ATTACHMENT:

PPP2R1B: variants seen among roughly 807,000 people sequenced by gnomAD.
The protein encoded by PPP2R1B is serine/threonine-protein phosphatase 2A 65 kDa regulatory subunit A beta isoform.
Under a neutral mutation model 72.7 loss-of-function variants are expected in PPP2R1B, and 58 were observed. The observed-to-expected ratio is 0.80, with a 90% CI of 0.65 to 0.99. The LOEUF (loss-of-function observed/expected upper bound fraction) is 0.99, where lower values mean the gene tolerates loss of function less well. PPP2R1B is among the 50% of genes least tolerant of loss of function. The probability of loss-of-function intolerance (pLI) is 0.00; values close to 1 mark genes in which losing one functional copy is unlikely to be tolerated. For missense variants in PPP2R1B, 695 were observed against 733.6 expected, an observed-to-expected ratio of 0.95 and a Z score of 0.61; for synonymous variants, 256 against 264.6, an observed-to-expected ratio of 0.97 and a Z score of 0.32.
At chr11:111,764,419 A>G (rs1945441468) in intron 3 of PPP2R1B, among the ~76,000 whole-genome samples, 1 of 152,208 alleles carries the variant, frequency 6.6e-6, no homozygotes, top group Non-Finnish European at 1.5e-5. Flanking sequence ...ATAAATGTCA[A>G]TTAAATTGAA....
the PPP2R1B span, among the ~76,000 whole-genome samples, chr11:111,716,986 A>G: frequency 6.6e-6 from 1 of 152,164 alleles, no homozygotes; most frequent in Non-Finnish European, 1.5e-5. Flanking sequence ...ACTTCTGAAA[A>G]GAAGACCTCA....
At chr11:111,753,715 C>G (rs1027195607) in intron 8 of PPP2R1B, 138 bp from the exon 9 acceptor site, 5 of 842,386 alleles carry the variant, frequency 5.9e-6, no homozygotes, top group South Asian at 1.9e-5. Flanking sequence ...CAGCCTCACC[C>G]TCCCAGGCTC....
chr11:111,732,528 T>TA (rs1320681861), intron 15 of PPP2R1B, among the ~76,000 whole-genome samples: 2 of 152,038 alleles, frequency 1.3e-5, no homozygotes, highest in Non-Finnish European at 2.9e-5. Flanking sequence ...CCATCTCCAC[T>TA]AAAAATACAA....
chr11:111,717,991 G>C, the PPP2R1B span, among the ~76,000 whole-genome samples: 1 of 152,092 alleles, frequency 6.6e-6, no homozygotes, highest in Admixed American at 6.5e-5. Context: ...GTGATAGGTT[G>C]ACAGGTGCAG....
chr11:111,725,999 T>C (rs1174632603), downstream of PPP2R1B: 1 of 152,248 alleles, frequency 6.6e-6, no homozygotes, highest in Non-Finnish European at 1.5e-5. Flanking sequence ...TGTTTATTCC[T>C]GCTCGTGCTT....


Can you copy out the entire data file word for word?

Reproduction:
PPP2R1B: variants seen among roughly 807,000 people sequenced by gnomAD.
The protein encoded by PPP2R1B is serine/threonine-protein phosphatase 2A 65 kDa regulatory subunit A beta isoform.
Under a neutral mutation model 72.7 loss-of-function variants are expected in PPP2R1B, and 58 were observed. The observed-to-expected ratio is 0.80, with a 90% CI of 0.65 to 0.99. The LOEUF (loss-of-function observed/expected upper bound fraction) is 0.99, where lower values mean the gene tolerates loss of function less well. PPP2R1B is among the 50% of genes least tolerant of loss of function. The probability of loss-of-function intolerance (pLI) is 0.00; values close to 1 mark genes in which losing one functional copy is unlikely to be tolerated. For missense variants in PPP2R1B, 695 were observed against 733.6 expected, an observed-to-expected ratio of 0.95 and a Z score of 0.61; for synonymous variants, 256 against 264.6, an observed-to-expected ratio of 0.97 and a Z score of 0.32.
At chr11:111,764,419 A>G (rs1945441468) in intron 3 of PPP2R1B, among the ~76,000 whole-genome samples, 1 of 152,208 alleles carries the variant, frequency 6.6e-6, no homozygotes, top group Non-Finnish European at 1.5e-5. Flanking sequence ...ATAAATGTCA[A>G]TTAAATTGAA....
the PPP2R1B span, among the ~76,000 whole-genome samples, chr11:111,716,986 A>G: frequency 6.6e-6 from 1 of 152,164 alleles, no homozygotes; most frequent in Non-Finnish European, 1.5e-5. Flanking sequence ...ACTTCTGAAA[A>G]GAAGACCTCA....
At chr11:111,753,715 C>G (rs1027195607) in intron 8 of PPP2R1B, 138 bp from the exon 9 acceptor site, 5 of 842,386 alleles carry the variant, frequency 5.9e-6, no homozygotes, top group South Asian at 1.9e-5. Flanking sequence ...CAGCCTCACC[C>G]TCCCAGGCTC....
chr11:111,732,528 T>TA (rs1320681861), intron 15 of PPP2R1B, among the ~76,000 whole-genome samples: 2 of 152,038 alleles, frequency 1.3e-5, no homozygotes, highest in Non-Finnish European at 2.9e-5. Flanking sequence ...CCATCTCCAC[T>TA]AAAAATACAA....
chr11:111,717,991 G>C, the PPP2R1B span, among the ~76,000 whole-genome samples: 1 of 152,092 alleles, frequency 6.6e-6, no homozygotes, highest in Admixed American at 6.5e-5. Context: ...GTGATAGGTT[G>C]ACAGGTGCAG....
chr11:111,725,999 T>C (rs1174632603), downstream of PPP2R1B: 1 of 152,248 alleles, frequency 6.6e-6, no homozygotes, highest in Non-Finnish European at 1.5e-5. Flanking sequence ...TGTTTATTCC[T>C]GCTCGTGCTT....